The immune system has various means to detect infectious invaders, like bacteria and viruses. and non-infectious ones, like cancer. Some cancers, however, can evade immune surveillance and even switch off our immune system. To assist the immune system, several cancer immunotherapies have been developed and have shown beneficial for many cancer patients, including those in advanced stages and with metastatic cancers. These therapies work by either stimulating the immune system’s normal defenses or using lab-made materials that mimic immune system functions.
For patients with tumors that lack immune cells and other cancer fighting molecules in and around the tumor, also known as cold tumors, the effectiveness of cancer immunotherapies can be low. To help these patients, Honggang Cui , Feihu Wang, Hao Su, and other colleagues, investigated a possible combination chemo-immunotherapy approach using a known chemotherapy drug called camptothecin (CPT) and activating a cell signaling pathway called stimulator of interferon genes (STING), which stimulates the immune system.
Cui is a core faculty member at the Institute for NanoBioTechnology (INBT) and associate professor in the Department of Chemical and Biomolecular Engineering at the Whiting School of Engineering. Wang is a postdoctoral fellow in Cui’s lab and Su is a former PhD student in the Cui lab and is currently a postdoctoral fellow at Eindhoven University of Technology.
CPT is often administered intravenously. However, this drug delivery method often has off-target effects, meaning that the drug can interact with anything it encounters in body besides the tumor, which creates side effects. It also does not allow for long-term release of the drug and the contents lose their potency as it circulates the body before it reaches the tumor. To address this, the team converted CPT into a self-assembling hydrogel, a gelatin-like substance. As a hydrogel, CPT could be administered directly into the tumor and would provide long-term drug release by degrading over a two-month period.
The hydrogel form also allows the team to incorporate cyclic dinucleotide c-di-AMP (CDA), a molecule that activates the STING pathway. When CPT, the chemotherapeutic drug, kills the cancer cells, it inflames the tumor microenvironment and attracts immune cells to the tumor sites. This process works synergistically with the STING pathway activation, provoking a stronger immune response and helping the immune cells penetrate the tumor to destroy it. Now that the tumor has the assistance of the immune system, it is referred to as an immune-stimulating tumor, and immune-stimulating tumors allow for immunotherapies to be more effective.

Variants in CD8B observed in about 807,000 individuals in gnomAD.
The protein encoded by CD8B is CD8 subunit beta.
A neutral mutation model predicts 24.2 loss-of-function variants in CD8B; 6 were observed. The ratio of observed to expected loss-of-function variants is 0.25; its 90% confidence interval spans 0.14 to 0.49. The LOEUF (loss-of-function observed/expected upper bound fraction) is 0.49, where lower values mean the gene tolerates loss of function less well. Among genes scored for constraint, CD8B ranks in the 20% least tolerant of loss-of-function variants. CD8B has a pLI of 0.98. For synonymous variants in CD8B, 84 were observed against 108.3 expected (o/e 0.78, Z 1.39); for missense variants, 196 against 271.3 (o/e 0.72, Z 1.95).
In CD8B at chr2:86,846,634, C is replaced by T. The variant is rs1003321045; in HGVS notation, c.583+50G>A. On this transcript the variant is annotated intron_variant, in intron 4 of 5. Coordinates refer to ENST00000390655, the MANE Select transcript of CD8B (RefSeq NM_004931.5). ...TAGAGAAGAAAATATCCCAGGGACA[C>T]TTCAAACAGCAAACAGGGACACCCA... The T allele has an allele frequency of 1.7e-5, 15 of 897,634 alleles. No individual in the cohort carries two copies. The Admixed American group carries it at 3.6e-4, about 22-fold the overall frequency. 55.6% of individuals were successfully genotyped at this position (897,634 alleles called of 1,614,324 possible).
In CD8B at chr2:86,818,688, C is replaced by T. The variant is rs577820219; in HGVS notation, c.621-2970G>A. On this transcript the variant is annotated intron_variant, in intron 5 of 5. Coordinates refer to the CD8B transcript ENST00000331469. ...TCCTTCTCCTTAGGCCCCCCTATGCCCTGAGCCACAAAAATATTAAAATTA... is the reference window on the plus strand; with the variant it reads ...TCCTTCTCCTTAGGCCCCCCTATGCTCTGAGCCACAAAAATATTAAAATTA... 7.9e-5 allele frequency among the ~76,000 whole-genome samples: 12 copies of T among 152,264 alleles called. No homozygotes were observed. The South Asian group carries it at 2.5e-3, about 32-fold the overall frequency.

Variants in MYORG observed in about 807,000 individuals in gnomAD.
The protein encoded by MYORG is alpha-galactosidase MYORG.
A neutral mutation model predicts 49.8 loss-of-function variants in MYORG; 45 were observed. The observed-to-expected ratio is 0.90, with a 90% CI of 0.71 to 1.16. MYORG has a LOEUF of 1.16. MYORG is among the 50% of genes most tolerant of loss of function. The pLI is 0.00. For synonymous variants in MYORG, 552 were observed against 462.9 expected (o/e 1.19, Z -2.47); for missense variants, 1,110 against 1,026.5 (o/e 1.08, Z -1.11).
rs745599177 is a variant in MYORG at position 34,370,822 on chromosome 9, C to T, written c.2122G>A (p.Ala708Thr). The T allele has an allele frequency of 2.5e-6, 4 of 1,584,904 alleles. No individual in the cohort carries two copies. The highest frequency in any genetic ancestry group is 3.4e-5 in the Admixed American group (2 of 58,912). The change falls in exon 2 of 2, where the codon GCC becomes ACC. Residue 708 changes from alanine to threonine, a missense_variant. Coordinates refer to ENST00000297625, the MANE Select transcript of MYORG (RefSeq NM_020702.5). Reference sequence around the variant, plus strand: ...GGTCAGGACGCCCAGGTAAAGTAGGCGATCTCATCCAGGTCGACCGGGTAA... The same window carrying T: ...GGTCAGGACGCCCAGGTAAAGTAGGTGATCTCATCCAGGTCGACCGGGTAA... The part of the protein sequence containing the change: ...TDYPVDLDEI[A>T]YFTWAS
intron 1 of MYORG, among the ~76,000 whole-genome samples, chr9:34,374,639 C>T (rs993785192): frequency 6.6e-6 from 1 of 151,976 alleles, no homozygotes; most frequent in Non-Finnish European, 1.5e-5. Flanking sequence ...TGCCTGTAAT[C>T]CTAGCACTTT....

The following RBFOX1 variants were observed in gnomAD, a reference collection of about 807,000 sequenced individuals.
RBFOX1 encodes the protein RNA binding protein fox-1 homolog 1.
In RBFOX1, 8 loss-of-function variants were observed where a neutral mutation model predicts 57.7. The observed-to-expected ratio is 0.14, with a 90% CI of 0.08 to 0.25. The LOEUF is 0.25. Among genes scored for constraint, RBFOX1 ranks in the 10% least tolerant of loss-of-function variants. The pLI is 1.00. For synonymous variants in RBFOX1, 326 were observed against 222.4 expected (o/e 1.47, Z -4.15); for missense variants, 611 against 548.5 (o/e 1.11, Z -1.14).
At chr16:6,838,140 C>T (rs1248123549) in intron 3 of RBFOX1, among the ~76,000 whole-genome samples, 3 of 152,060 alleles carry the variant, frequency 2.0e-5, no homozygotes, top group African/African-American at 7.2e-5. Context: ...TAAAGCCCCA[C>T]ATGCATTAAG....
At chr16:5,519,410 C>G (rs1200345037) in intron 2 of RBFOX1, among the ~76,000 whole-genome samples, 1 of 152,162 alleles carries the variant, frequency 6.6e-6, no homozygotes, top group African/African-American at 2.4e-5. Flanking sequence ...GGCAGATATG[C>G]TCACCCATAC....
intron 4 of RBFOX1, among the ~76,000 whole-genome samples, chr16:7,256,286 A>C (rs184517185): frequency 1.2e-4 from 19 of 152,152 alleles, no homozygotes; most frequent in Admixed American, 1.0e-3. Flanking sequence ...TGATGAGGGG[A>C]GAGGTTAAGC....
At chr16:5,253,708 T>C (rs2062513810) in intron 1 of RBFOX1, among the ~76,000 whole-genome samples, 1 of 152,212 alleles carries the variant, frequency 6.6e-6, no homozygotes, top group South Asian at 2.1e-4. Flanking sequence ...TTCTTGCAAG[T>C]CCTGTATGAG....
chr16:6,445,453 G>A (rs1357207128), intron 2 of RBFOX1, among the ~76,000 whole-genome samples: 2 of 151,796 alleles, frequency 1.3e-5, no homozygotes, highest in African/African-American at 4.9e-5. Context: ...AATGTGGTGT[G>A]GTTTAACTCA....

“The hydrogel we designed has a twofold role. First, it is a drug that helps create an immune responsive environment, and secondly, it a delivery medium that allows for the sustained release, over a two-month period, of the drug,” said Cui. The illustration depicts the hydrogel’s design, the delivery method, and immune response. Image credit: Feihu Wang and Zongyuan Wang, Johns Hopkins University The team tested their therapy on mouse models with subcutaneous brain, breast, and colorectal tumors. Their results showed near tumor regression in most of their models with no obvious side effects. Not only that, when the tumors were destroyed, their contents leaked into the surrounding environment. This caused inflammation, which further stimulated an immune response to the area by activating other immune cells such as natural killer cells, T cells, and dendritic cells.
After the primary tumors were treated, the researchers reintroduce the same cancer back into the mice, a process known as rechallenging the tumor. Remarkably, the tumors did not regrow. By delivering CPT and CDA via the hydrogel form directly into the primary tumor, the immune system produced memory T cells, which provides the immune system with long-term memory and surveillance for the same tumor in the future.
The team published their finding in a recent journal article in Nature Biomedical Engineering and it offers promising results for patients with cold tumors, but it can also help with tumor recurrence and metastasis.
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More recently, Cui, Wang, and coauthors reported on the use of a drug-based supramolecular hydrogelator for local delivery of immune checkpoint inhibitors to boost the host’s immune responses against tumor. They found that supramolecular hydrogels could serve as a reservoir for sustained co-release of CPT and anti-PD-1 antibody, resulting in an immune-stimulating tumor microenvironment for boosted PD-1 blockade immune response, which elicited robust and durable systemic anti-cancer immunity, inducing tumor regression and inhibiting tumor recurrence and metastasis.